It was Scalia, I'm pretty sure, who raised the bar on such hypothetical tests. He wants to see real proof that people will be hurt by a law. Usually, there isn't any.

This is an interesting result, and it's not along normal partisan lines (the 5-4 with Kennedy casting the deciding vote). It's actually Stevens who pens the controlling (though not majority) opinion, oddly enough.

No one cites Bush v. Gore. But the decision does leave open "as applied" challenges, meaning that someone who could show specific evidence as to why the law is onerous to him/her.

I, for one, don't think the law is particularly onerous. But I don't think you can totally dismiss legal challenges to a law on behalf of the poor or disenfranchised. They are the least likely to be able to enforce their own rights or assert their own interests. If it wasn't for some of these cases, we wouldn't have the right to a jury trial in criminal cases, miranda rights, and we would still have segregated schools.

I don't think the hypothetical opportunity cost of waiting in line to get a photo ID is that burdensome when compared with the state interest of voter fraud. But I don't see anyone actually being able to bring an "as applied" challenge. I mean, if you are unable to get a photo ID, I don't know how you're going to figure out how to file a lawsuit, or have an incentive to, unless some organization picks up the cause again after the elections.

I am a little concerned with some of the language though, that states

But if a nondiscriminatory law is supported by valid neutral justifications, those justifications should not bedisregarded simply because partisan interests may haveprovided one motivation for the votes of individual legislators.

I feel like this might make legislators bolder in their voter requirements, which I think eventually will reach the onerous.

That was an actual person, Ernesto Miranda, who went against the real state of Arizona, in a real case before the U.S. Supreme Court, which led to the Miranda ruling. Miranda had confessed to various violent crimes but later tried to claim his rights had been violated because he had not been first informed of his right to counsel.

The civil liberties cases you're thinking of, Gideon v. Wainwright, Mapp v. Ohio, Escobedo v. Illinois, Miranda v. Arizona, all involved real defendants and real litigants.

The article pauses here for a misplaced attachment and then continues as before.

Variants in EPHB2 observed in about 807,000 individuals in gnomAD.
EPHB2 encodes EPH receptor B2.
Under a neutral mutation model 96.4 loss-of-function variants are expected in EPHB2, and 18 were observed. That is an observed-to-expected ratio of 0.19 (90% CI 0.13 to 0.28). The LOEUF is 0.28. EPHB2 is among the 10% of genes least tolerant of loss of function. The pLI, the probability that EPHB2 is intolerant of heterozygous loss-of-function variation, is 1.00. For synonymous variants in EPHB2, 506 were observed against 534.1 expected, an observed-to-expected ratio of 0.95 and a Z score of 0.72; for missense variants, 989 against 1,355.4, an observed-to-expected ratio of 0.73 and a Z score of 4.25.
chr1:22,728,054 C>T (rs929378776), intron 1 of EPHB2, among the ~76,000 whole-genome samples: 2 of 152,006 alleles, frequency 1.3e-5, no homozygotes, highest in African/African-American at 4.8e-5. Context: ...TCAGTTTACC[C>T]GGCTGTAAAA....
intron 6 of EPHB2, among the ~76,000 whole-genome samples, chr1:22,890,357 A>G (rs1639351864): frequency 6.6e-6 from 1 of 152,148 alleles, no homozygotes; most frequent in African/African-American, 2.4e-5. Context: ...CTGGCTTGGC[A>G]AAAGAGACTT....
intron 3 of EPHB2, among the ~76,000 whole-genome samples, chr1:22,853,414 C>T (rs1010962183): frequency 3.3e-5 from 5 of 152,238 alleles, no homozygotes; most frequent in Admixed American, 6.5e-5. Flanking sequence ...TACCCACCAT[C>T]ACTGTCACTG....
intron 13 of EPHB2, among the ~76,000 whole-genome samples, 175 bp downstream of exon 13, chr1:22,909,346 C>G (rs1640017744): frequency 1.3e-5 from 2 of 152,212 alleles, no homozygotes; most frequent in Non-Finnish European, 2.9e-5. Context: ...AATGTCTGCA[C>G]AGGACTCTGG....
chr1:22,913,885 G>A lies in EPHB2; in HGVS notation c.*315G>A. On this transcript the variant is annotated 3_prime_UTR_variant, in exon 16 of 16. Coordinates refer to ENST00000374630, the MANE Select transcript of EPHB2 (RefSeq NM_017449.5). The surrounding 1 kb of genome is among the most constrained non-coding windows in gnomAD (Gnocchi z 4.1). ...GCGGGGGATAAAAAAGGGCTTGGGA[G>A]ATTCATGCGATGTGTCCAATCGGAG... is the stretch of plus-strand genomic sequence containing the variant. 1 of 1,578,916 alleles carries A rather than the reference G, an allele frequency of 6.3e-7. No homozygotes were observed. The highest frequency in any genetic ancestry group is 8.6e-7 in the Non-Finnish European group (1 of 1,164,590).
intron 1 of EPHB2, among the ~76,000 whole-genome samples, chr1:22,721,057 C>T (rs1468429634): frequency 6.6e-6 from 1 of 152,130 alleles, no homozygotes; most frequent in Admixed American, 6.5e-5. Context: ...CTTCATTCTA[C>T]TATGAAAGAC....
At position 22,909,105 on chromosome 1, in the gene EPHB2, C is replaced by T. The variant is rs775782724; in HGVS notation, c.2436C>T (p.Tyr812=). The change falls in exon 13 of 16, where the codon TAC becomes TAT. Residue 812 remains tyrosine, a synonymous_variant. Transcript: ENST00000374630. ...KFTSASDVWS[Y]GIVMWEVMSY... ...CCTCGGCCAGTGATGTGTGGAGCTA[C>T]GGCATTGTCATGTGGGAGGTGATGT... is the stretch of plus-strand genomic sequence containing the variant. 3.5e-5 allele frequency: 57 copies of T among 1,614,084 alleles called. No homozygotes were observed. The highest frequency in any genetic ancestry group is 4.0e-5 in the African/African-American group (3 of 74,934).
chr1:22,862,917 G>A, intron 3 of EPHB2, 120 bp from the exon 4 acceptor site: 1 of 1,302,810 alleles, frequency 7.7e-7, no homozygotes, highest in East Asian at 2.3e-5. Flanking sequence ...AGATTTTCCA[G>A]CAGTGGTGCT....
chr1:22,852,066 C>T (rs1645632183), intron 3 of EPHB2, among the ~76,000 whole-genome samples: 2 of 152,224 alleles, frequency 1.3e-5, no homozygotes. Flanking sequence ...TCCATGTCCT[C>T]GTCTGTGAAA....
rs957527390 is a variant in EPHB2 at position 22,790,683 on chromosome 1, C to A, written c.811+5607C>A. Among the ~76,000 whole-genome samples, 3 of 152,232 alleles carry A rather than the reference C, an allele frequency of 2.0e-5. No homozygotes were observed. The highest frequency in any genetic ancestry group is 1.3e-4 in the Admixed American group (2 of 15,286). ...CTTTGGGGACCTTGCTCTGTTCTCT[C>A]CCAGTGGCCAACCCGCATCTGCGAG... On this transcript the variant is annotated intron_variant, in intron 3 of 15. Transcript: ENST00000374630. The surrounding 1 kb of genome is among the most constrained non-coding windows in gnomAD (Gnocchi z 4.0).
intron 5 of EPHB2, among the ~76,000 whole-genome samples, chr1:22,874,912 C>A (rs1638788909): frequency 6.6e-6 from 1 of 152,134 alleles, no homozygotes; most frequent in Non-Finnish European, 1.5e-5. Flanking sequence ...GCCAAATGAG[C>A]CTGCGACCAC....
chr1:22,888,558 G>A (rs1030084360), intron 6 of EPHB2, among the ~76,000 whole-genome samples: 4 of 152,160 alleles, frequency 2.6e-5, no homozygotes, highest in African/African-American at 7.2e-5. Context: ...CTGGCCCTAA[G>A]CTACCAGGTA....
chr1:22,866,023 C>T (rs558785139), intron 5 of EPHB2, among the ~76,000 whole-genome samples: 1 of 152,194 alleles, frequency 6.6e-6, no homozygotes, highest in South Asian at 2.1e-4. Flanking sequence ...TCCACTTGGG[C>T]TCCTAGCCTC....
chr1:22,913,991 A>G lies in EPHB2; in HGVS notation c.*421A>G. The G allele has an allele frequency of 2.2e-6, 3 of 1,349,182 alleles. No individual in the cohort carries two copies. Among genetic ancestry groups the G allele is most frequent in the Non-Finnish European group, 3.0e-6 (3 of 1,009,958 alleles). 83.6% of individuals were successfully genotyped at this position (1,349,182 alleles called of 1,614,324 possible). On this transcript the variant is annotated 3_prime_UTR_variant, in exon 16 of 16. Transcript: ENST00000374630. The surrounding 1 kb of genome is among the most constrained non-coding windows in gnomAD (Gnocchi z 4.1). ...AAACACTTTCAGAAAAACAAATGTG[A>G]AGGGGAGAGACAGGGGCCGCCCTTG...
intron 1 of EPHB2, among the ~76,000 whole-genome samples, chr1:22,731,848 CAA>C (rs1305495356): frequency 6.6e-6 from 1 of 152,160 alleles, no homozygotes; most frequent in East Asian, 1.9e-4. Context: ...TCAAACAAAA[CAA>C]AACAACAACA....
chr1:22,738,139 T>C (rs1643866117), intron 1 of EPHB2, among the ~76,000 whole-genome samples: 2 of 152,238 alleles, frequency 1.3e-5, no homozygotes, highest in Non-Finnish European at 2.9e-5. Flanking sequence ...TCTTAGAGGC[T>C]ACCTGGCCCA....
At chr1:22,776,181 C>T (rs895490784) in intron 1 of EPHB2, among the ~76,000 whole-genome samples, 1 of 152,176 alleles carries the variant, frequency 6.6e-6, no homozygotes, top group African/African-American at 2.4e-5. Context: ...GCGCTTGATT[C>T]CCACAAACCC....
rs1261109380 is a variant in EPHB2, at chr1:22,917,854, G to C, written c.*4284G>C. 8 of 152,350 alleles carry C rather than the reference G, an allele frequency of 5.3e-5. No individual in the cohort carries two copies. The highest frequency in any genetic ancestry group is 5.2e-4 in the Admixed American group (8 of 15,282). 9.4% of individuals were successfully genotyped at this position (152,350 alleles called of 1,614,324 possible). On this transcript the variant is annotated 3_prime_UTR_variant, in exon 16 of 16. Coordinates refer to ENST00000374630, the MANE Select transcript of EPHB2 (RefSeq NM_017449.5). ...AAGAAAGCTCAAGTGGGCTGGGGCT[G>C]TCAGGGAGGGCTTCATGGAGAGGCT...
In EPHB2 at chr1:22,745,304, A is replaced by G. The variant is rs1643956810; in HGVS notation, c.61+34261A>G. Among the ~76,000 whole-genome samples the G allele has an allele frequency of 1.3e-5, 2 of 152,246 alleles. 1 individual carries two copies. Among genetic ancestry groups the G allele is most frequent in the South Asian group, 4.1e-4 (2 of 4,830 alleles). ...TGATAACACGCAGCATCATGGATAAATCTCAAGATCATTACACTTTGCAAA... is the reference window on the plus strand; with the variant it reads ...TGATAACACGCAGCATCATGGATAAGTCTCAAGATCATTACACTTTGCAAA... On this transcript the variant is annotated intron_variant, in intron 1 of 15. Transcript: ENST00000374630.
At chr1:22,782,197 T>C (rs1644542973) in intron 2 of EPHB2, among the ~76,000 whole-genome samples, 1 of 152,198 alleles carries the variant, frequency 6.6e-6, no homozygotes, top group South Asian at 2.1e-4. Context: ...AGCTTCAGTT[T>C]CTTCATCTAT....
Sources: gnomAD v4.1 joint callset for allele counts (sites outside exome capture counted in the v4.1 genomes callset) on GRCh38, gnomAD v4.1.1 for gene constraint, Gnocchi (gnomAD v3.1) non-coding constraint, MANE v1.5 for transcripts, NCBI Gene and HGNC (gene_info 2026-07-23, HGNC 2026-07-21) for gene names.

They weren't these hypothetical analyses in which a bunch of lawyers plead that some minority group somewhere might be offended, or disenfranchised, or discriminated against.

First, that this case didn't involve "real" litigants, and second that it didn't involve any actual harm.

In terms of real litigants, this case involved several groups representing seniors, the homeless, and the local chapter of the NAACP. It's their mission statement to look after the group they purport to represent. Conservative groups do this too, such as "Campaign for California Families" in the ongoing gay marriage cases in CA, or Ducks Unlimited in wildlife and game regulatory issues. Standing requirements keep out people who have no stake in the outcome of the litigation.

As to your point that the harm is "hypothetical," courts routinely deal with harm that might occur in the future. Such is the nature of injunctions, stays, and such. This case involved a facial challenge to a law, which requires a (pretty demanding) showing that there is "no set of circumstances exists under which the [the law] would be valid." This test was penned by Rehnquist in U.S. v. Salerno. Thus, it is, by nature, forward looking, as it is to avoid future harm.

Sure, Miranda involved a criminal defendant. It wouldn't have come up otherwise, due to the nature of the constitutional challenge (convicted based on self-incriminating statement w/o being informed of constitutional rights). But the import of the case is its prophylactic rule that now ALL persons arrested (or in custody) must now be given their Miranda warnings so as to avoid self-incrimination as prohibited by the fifth amendment.

But like I said, I think photo IDs are ok. Whew.

The name is sort of a joke about how I feel at my job. When no one else wants to do a project they give it to me. Thus the name :)

....being a scoundrel first.
They've been very busy throwing free elections under the bus for the last eighty years or so.